Some philosophers and psychologists suggest social influence on beliefs is, in part, an evolutionary feature of group cohesion, since false beliefs are often acquired thanks to social incentives, rather than individual deliberation.

When another person tells me which political party they voted for, or their stance on a social issue, I recognize that those beliefs also communicate a set of values. In this way, people can be vocal about their beliefs to vie for social belonging. At the same time, these interactions inform how we acquire our beliefs. This means I am likely to come to endorse the beliefs espoused in my social community.

Pizzagate: The impact of conspiracy

Mercier explains some of these implications through the “Pizzagate” conspiracy theory. Pizzagate gained popularity during the 2016 U.S. presidential election after one of Hillary Clinton’s campaign chairmen was hacked in an email phishing attack. Rumors quickly gained traction on right-wing platforms claiming the leak revealed Clinton was a pedophile involved in a sex-trafficking ring run out of the basement of a Washington D.C. pizzeria.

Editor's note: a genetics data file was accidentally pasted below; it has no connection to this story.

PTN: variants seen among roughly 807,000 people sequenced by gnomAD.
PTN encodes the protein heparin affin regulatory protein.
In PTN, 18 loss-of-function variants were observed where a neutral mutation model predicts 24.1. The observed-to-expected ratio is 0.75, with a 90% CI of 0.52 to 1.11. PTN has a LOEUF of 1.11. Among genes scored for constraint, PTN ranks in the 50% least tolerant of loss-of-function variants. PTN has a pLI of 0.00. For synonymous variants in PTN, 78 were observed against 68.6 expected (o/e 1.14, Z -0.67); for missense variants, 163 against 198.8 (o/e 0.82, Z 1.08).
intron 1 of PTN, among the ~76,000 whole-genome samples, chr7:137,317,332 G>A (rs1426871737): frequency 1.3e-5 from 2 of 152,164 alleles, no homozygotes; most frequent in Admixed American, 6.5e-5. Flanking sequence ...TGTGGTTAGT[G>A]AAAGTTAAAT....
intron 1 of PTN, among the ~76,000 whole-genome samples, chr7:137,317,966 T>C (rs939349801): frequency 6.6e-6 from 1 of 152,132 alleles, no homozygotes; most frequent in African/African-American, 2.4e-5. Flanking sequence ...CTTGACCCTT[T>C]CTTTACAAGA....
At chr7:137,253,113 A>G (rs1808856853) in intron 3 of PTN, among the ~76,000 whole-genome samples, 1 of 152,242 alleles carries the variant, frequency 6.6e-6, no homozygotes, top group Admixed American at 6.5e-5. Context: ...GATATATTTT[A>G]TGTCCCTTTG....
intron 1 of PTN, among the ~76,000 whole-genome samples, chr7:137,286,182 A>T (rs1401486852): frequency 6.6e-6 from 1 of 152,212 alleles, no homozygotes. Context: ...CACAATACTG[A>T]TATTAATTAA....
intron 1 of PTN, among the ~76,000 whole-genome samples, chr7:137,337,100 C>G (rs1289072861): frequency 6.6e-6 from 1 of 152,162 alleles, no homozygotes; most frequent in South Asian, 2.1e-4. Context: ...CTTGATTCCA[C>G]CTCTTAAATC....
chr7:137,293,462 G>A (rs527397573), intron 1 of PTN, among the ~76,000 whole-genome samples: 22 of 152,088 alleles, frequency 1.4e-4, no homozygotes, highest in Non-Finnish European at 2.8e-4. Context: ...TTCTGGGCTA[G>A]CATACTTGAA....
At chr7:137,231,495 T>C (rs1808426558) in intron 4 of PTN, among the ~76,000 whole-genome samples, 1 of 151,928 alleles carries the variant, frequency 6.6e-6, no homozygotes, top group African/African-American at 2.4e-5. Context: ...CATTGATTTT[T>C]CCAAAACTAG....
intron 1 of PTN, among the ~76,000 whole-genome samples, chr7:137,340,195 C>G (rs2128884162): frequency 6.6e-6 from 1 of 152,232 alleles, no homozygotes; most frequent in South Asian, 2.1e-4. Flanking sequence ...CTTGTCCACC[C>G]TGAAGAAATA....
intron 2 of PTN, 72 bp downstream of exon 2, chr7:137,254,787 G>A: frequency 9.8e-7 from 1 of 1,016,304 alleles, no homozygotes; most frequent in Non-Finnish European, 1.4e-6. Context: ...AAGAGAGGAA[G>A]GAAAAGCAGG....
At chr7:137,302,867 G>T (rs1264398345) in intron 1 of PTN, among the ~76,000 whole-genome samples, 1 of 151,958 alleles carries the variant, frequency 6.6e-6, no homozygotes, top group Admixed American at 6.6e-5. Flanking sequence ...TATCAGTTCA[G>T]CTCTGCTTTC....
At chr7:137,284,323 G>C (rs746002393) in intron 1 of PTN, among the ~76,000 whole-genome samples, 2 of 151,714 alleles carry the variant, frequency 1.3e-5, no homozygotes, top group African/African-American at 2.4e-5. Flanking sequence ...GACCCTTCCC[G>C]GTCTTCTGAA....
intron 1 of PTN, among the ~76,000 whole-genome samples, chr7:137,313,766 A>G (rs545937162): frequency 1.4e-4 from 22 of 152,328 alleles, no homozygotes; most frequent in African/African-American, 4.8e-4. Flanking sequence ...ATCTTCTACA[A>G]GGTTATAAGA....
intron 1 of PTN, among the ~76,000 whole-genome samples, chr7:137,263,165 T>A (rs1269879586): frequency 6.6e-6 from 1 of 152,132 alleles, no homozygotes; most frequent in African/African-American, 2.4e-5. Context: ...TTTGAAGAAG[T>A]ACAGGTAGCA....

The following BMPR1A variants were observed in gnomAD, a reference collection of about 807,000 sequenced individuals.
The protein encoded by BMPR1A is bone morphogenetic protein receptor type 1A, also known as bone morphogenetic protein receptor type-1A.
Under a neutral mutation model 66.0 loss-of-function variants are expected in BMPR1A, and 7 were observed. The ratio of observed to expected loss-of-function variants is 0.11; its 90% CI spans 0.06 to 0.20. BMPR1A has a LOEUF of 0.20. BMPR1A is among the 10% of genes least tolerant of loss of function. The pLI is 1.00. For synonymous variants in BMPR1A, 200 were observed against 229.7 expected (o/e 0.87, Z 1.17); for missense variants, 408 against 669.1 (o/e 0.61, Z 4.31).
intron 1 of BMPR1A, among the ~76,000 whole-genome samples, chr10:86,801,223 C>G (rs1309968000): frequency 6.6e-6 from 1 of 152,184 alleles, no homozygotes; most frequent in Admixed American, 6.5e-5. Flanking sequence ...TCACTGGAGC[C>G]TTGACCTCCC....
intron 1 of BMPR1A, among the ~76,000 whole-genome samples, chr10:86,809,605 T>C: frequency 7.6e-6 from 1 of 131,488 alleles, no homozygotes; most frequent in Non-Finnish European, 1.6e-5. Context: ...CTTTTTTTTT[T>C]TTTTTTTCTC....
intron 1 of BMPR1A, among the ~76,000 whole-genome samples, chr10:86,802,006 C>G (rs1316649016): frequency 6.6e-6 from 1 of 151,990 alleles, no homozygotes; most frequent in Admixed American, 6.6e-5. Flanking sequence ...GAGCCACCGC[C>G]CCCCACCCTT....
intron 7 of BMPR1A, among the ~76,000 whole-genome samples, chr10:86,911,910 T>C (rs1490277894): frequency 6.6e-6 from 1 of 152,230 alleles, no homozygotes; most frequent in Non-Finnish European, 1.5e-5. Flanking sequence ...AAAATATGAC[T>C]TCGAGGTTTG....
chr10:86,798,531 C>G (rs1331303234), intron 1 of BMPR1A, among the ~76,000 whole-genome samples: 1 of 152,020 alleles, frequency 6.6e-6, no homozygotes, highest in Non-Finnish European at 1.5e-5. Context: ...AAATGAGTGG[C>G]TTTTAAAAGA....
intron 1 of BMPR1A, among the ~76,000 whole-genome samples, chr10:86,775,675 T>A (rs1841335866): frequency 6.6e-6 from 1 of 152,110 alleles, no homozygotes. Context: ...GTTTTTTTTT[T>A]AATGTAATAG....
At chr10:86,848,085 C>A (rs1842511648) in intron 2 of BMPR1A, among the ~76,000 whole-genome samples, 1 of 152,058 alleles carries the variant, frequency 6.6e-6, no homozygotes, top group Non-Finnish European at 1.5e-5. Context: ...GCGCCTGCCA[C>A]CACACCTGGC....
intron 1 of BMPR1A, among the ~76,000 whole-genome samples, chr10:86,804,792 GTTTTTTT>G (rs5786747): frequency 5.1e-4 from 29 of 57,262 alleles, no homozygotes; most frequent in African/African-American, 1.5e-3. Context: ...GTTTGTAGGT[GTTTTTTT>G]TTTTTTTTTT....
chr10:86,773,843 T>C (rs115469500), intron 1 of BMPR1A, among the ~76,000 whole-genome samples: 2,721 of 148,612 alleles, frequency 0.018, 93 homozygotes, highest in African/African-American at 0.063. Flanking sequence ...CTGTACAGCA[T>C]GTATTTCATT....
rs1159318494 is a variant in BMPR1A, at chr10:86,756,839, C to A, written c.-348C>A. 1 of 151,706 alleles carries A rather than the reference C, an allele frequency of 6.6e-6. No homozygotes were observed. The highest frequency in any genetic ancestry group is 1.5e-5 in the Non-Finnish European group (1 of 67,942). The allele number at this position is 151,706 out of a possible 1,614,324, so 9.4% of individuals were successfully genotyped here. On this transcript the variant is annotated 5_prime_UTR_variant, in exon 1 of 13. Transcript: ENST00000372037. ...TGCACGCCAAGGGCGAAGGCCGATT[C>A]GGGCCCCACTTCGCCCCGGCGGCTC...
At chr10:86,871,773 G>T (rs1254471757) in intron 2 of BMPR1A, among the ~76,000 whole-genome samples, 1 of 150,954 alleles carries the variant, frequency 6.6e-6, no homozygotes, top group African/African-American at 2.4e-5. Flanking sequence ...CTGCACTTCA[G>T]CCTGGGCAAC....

After learning about the conspiracy, and coming to believe it was true, a man named Edgar Maddison Welch made plans to free those being held in the pizzeria. He drove to Washington, armed with assault weapons, and threatened staff at the restaurant to let the victims go. There were, of course, no victims to be found and Welch was later arrested.

conspiracy theories are dangerous even if they don't affect behavior
A supporter of ‘Pizzagate’ holds up a sign supporting the conspiracy theory. Conspiratorial beliefs are often acquired thanks to social incentives rather than individual deliberation. Credit: Shutterstock